Formula 1 next heads to Russia for round 16 of the championship where the axe could fall on Sebastian Vettel’s title challenge.
Although Vettel was expected to close the gap to Lewis Hamilton in Italy and Singapore, two disappointing mistakes – one his own fault, the other belonging to Ferrari – meant instead he arrives at the Sochi Autodrom 40 adrift.
The German is in desperate need of a victory, or even a DNF for Hamilton. Or both. While 125 points will remain in play after Russia, it is impossible to picture Hamilton throwing away a possible 47-point lead, especially as that would mean he could finish runner-up in all the remaining races and still win the title, even if Vettel wins all five.
The bad news for Vettel is that Sochi is a track that belongs to Mercedes. The German manufacturer is technically undefeated at the Russian Grand Prix since 1913. That, though, is just six races.
After two events early in the 1910s at Saint Petersburg, Russia returned to the calendar in 2014 with Hamilton coming out on top after starting from pole position and leading every single lap.
Last season it was his team-mate Valtteri Bottas’ turn as he clinched his first-ever grand prix victory, holding off Vettel to win by 0.6s.
It was otherwise a race of failures. Fernando Alonso failed to start, Ferrari failed to convert their first front-row lockout for almost a decade into a victory, Romain Grosjean and Jolyon Palmer failed in their fight, Kimi Raikkonen failed to understand how the race was playing out and Lewis Hamilton failed to reach the podium for the first time in nine races.
In the Sochi edition of the race, the Russian Grand Prix has twice been won from pole position with the lowest winning starting position on the grid Bottas’ P3. However, in 2014 Nico Rosberg raced from the back of the field after an unscheduled pit stop on the first lap to finish second.
Sochi, though, is not known for its epic races and last year’s event was voted the worst grand prix of the season by many F1 pundits. This year both Liberty Media and the Russian organisers will be hoping for better.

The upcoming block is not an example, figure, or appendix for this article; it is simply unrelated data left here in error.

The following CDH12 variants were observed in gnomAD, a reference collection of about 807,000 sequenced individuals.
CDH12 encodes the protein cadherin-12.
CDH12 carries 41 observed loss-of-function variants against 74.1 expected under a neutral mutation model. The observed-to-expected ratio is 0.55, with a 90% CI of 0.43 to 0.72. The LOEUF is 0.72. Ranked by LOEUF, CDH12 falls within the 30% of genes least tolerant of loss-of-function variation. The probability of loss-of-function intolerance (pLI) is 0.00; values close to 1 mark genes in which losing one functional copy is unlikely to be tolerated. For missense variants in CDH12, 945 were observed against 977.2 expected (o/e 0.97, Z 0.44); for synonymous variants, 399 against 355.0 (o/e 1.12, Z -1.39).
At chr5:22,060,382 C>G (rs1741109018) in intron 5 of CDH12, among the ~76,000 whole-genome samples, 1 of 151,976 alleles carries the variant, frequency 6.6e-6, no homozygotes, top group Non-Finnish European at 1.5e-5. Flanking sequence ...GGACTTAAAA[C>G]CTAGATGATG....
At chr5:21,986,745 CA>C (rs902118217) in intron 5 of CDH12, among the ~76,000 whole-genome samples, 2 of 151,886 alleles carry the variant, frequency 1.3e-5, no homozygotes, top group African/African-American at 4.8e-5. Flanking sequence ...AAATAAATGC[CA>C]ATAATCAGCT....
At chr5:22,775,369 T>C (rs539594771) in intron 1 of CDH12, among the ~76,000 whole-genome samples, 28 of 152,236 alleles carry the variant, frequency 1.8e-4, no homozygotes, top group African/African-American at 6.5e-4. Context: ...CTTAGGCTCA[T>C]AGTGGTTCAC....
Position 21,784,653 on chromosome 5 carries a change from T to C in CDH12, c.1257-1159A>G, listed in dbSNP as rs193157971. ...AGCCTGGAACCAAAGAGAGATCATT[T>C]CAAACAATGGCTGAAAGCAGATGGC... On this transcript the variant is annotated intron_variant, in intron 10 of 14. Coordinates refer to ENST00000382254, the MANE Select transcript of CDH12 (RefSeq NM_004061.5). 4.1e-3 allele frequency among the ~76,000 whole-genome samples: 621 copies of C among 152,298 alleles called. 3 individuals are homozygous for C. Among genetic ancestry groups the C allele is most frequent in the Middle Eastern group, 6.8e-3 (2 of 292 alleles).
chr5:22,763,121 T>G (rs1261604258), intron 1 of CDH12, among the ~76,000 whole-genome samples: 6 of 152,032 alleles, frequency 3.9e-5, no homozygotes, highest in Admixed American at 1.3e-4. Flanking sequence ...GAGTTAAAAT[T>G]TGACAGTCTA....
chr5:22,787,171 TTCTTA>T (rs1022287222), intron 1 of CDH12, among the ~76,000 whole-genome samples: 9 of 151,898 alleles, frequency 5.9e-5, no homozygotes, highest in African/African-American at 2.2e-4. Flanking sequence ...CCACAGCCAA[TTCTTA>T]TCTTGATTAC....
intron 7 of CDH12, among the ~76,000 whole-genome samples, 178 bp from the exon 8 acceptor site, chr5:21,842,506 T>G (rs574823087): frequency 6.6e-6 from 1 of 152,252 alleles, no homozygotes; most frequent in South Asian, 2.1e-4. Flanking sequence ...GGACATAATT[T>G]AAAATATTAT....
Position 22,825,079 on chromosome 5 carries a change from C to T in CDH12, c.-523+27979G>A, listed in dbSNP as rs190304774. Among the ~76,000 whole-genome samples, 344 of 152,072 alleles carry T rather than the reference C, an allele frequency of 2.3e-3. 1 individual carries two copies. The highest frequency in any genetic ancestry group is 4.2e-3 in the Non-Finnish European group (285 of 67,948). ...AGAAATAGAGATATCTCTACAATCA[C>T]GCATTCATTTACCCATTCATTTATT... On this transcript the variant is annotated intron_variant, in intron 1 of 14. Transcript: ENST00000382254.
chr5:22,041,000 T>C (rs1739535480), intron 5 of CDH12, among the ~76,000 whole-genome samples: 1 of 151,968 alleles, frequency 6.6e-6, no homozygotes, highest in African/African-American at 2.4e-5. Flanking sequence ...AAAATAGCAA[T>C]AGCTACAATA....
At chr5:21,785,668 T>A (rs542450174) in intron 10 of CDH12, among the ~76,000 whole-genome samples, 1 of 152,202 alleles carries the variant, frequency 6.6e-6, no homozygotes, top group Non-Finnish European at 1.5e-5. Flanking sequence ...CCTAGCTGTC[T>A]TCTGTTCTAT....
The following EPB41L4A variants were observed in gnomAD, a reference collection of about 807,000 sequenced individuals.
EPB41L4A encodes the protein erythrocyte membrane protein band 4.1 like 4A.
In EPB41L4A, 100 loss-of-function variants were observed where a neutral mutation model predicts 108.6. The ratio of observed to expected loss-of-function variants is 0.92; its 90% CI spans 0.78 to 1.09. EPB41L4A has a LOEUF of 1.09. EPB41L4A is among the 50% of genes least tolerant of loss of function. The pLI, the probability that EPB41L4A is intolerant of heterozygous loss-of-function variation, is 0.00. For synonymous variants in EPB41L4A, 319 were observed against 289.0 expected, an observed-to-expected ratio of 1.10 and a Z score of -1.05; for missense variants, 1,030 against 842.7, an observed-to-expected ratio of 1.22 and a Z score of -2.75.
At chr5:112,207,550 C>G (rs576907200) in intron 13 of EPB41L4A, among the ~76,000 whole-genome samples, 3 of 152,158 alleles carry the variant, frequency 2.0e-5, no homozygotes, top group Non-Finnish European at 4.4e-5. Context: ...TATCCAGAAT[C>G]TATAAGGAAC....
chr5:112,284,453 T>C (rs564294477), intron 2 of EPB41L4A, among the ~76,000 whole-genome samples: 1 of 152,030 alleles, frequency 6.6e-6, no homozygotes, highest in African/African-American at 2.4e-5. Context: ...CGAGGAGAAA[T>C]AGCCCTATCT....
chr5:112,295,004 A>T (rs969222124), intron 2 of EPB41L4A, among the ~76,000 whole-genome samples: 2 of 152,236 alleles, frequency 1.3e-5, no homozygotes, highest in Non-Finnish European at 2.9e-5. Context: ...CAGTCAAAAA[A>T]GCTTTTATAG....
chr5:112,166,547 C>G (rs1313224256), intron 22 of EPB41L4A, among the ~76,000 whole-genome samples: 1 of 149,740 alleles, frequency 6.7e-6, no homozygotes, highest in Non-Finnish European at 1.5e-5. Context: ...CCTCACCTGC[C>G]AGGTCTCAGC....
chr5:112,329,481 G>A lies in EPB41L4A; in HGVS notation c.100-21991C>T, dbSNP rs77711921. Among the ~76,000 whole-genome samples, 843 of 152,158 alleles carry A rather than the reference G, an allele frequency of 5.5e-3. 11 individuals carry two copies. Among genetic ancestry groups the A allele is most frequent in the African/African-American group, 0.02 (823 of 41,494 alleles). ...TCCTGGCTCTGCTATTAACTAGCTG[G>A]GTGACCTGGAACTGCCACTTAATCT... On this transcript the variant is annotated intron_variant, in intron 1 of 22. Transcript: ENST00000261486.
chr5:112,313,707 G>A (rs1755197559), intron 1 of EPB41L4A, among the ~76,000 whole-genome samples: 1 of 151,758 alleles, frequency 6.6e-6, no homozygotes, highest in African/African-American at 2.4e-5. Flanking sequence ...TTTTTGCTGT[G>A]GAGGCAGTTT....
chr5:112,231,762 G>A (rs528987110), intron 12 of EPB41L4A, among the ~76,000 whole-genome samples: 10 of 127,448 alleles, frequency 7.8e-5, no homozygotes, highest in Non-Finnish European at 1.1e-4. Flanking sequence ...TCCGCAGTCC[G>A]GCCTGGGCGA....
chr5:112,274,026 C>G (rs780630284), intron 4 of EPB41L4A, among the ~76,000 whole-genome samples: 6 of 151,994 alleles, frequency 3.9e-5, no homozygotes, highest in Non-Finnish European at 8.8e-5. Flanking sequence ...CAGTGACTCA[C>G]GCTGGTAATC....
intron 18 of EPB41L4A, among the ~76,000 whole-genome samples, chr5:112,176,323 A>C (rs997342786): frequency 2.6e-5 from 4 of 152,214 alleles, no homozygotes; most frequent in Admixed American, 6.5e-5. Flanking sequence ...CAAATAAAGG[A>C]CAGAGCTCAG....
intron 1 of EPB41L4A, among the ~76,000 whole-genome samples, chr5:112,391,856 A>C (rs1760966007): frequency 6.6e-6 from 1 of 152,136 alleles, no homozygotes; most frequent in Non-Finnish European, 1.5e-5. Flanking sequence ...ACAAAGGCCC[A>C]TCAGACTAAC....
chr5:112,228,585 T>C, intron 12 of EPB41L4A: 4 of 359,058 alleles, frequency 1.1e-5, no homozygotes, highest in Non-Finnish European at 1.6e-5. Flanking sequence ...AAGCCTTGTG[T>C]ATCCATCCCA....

All you need to know about the Russian GP
That could be up to F1’s midfield to determine.
Mercedes and Ferrari are expected to tussle at the front in what could be a two-team battle as Red Bull are being taken out of the mix by engine penalties. Both Max Verstappen and Daniel Ricciardo are set to take the hit this Sunday.
In 2015 Sergio Perez put his Force India on the podium while a year earlier it was Bottas in a Williams that finished third. Both teams will be wanting a repeat performance, the latter will surely know it is a position or seven too far. As such it promises to be a difficult home debut for Sergey Sirotkin, although he will at least line up on the grid as a F1 point-scorer thanks to his P10 at Monza.
Nico Hulkenberg, Alonso and Kevin Magnussen are battling for best of the rest in the Drivers’ Championship, the trio separated by four points while Renault want to put more space between themselves and the rest of the midfield as they hold down fourth place.
For Marcus Ericsson it could be a difficult weekend from an emotional point of view given that he learnt earlier this week that he would be losing his Sauber drive at the end of the season. While for Ericsson his departure has been confirmed, for the likes of Esteban Ocon, Sirotkin, Romain Grosjean and Brendon Hartley, Sochi offers one more opportunity to shine, one more opportunity to secure a job for 2019.
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